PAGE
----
[GOAL] What an utter, utter waste of UK research funds...

Stevan Harnad amsciforum at gmail.com
Sun Sep 28 15:55:13 BST 2014


Cornée, Nathalie and Madjarevic, Natalia (2014) *The London School of
Economics and Political Science 2013/2014 RCUK open access compliance
report. <http://eprints.lse.ac.uk/59521/>* The London School of Economics
and Political Science, Library, London, UK.

*Abstract:* In September 2014, the London School of Economics and Political
Science (LSE) reported to Research Councils UK on the School’s compliance
with the recently introduced RCUK Policy on Open Access (OA). This reports
provides detail around the article processing charges (APC) data and RCUK
Call for Evidence report. Background In April 2013, the revised RCUK Policy
on Open Access came into effect. The policy requires journal articles or
conference proceedings arising from research funded wholly or partially by
a RCUK grant should be made freely available online (or “Open Access”).
There are two main routes to make papers open access: a) the Green route,
which is the LSE preferred route, when the full text of papers are
deposited into an institutional repository such as LSE Research Online. To
select this route, embargo periods must be no longer than the 12 months
permitted by RCUK (no charge applies); b) the Gold route, which provides
immediate, unrestricted access to the final version of the paper via the
publisher's website, often using a Creative Commons Attribution (CC BY)
licence - it may involve payment of an APC to the publisher. In 2013, we
received the *RCUK OA block grant for 2013/14 of £62,862*. We set up the
LSE Institutional Publication Fund using this grant and this was managed by
the Library, allowing eligible RCUK-funded researchers to apply for APC
funds. Additionally, the School was awarded a* pump-prime funding
allocation from the Economic and Social Research Council (ESRC)* for open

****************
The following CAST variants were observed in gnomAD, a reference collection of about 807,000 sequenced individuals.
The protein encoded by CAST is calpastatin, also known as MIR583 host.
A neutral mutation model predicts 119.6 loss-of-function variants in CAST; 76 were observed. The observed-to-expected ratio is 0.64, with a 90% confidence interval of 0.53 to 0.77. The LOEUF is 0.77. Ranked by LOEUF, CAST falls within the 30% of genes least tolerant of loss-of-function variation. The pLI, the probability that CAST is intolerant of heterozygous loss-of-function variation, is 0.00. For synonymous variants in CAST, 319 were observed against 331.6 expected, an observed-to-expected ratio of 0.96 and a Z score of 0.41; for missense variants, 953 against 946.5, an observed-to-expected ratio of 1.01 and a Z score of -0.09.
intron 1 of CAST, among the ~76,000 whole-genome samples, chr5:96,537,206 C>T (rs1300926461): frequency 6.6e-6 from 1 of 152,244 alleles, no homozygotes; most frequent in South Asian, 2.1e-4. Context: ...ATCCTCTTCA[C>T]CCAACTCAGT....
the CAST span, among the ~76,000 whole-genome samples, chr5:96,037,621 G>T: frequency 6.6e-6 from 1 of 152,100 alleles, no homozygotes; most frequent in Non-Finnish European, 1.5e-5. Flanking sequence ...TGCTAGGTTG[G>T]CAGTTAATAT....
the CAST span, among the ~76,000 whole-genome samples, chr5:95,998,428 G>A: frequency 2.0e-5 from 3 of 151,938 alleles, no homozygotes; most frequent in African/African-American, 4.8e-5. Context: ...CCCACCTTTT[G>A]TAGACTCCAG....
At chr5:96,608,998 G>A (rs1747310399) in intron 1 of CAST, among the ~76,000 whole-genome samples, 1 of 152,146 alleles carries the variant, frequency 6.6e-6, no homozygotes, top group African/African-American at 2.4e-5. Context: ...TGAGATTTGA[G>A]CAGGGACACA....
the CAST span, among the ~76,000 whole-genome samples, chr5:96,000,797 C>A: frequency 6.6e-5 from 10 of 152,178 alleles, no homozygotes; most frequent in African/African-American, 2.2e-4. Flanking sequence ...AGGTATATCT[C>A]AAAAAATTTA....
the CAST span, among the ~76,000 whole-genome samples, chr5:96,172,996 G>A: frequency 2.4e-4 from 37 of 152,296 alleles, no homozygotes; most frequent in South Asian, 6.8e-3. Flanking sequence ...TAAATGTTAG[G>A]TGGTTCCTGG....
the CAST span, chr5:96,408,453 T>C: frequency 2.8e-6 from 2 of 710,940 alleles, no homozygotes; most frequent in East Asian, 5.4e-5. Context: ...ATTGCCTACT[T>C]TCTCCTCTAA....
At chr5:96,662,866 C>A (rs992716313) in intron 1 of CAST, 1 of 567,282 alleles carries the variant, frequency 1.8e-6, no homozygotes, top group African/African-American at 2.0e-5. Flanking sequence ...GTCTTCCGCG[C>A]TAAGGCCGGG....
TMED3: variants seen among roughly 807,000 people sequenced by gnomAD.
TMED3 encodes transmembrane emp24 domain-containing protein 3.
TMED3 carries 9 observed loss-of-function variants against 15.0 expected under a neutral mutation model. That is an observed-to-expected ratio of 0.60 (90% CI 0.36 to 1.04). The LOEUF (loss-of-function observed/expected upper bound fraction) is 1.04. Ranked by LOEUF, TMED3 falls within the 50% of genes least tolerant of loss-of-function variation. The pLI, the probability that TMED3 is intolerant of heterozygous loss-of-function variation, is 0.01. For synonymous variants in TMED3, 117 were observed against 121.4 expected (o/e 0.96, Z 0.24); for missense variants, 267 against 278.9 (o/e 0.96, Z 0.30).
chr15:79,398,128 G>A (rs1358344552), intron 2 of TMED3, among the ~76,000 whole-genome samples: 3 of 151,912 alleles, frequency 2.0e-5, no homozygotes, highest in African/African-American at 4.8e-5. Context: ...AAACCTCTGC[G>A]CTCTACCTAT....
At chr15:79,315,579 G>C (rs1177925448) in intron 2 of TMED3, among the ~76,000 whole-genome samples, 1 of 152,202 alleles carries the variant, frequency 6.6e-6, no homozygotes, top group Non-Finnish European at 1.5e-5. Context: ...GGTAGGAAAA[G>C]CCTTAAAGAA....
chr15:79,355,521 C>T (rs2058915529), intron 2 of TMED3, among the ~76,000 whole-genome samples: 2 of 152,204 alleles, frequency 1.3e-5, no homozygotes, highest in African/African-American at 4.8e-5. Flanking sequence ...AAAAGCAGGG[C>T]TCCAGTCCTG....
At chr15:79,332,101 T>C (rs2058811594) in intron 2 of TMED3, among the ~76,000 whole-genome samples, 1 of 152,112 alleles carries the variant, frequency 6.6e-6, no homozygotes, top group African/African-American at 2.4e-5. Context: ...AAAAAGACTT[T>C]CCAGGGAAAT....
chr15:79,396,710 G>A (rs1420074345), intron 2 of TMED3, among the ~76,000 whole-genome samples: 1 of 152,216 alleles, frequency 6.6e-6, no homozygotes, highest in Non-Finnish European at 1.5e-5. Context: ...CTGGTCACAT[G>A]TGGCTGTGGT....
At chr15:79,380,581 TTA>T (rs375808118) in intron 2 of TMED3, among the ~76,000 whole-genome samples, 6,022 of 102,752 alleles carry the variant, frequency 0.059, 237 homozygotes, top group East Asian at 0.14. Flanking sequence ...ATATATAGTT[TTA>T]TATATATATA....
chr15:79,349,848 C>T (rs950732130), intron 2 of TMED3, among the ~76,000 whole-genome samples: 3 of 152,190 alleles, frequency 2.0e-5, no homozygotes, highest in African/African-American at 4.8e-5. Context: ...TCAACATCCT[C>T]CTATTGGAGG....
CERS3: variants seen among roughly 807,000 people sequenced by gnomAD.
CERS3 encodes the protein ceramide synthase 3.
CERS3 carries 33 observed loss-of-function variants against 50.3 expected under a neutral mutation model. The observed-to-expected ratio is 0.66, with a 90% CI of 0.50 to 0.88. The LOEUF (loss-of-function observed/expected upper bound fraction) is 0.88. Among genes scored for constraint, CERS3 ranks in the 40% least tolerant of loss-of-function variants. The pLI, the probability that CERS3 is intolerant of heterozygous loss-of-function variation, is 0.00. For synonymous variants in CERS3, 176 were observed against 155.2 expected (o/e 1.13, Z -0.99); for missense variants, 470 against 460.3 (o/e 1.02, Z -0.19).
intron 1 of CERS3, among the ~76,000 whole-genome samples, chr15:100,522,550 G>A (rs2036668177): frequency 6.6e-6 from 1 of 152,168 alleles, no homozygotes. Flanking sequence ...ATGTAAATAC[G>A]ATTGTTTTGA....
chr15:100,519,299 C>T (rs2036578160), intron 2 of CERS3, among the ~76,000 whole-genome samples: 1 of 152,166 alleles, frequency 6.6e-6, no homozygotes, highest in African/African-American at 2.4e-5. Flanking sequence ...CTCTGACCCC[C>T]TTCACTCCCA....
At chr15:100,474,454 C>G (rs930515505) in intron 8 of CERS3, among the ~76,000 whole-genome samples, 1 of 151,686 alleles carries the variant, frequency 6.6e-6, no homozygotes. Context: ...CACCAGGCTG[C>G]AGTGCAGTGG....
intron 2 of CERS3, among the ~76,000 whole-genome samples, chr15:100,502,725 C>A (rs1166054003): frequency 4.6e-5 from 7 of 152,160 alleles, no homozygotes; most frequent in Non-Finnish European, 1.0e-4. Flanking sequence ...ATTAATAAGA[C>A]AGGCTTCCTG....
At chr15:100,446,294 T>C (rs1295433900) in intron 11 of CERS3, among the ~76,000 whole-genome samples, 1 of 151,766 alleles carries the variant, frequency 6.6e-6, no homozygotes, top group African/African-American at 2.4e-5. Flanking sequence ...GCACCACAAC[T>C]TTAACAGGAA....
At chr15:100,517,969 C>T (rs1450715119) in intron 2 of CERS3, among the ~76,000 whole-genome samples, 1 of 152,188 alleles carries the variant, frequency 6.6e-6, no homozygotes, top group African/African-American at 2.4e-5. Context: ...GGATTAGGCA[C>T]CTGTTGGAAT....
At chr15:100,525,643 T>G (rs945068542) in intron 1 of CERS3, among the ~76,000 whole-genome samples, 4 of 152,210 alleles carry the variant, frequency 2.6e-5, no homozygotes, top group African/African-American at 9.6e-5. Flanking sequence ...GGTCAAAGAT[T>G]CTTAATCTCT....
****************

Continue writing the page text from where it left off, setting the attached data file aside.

access, which was also added to the fund. Of the 141 papers we identified
as RCUK-funded for Year 1,* 50 papers are open access via the Green* route
and *73 via the Gold*, resulting in an *87% compliance* rate.


Seventy-three (73) OA articles, at about £1,000 a shot via Gold -- vs.
fifty (50) at no cost via Green!

That RCUK £62,862 could have funded 4 doctoral research students or 2
postdoctoral researchers. Instead, it is paying publishers even more than
they are already being paid for subscriptions (and for hybrid Gold
publishers it's even double-paying them).

For 73 articles!

And 73 articles that could have been provided for free via Green -- if
instead of dangling scarce money in front of authors RCUK had simply
insisted on immediate deposit, irrespective of embargo length.

One can only hope that the spot-on and timely new HEFCE policy of requiring
immediate deposit, now, in order to be eligible for REF2020, will stanch
this gratuitous, obdurate Finch/RCUK profligacy.

And that the EU's similar policy will help reinforce it.

Meanwhile there's nothing stopping institutions from being more sensible,
by requiring immediate deposit and using the RCUK windfall to better
purpose (till it is sensibly redirected to research).

Stevan Harnad
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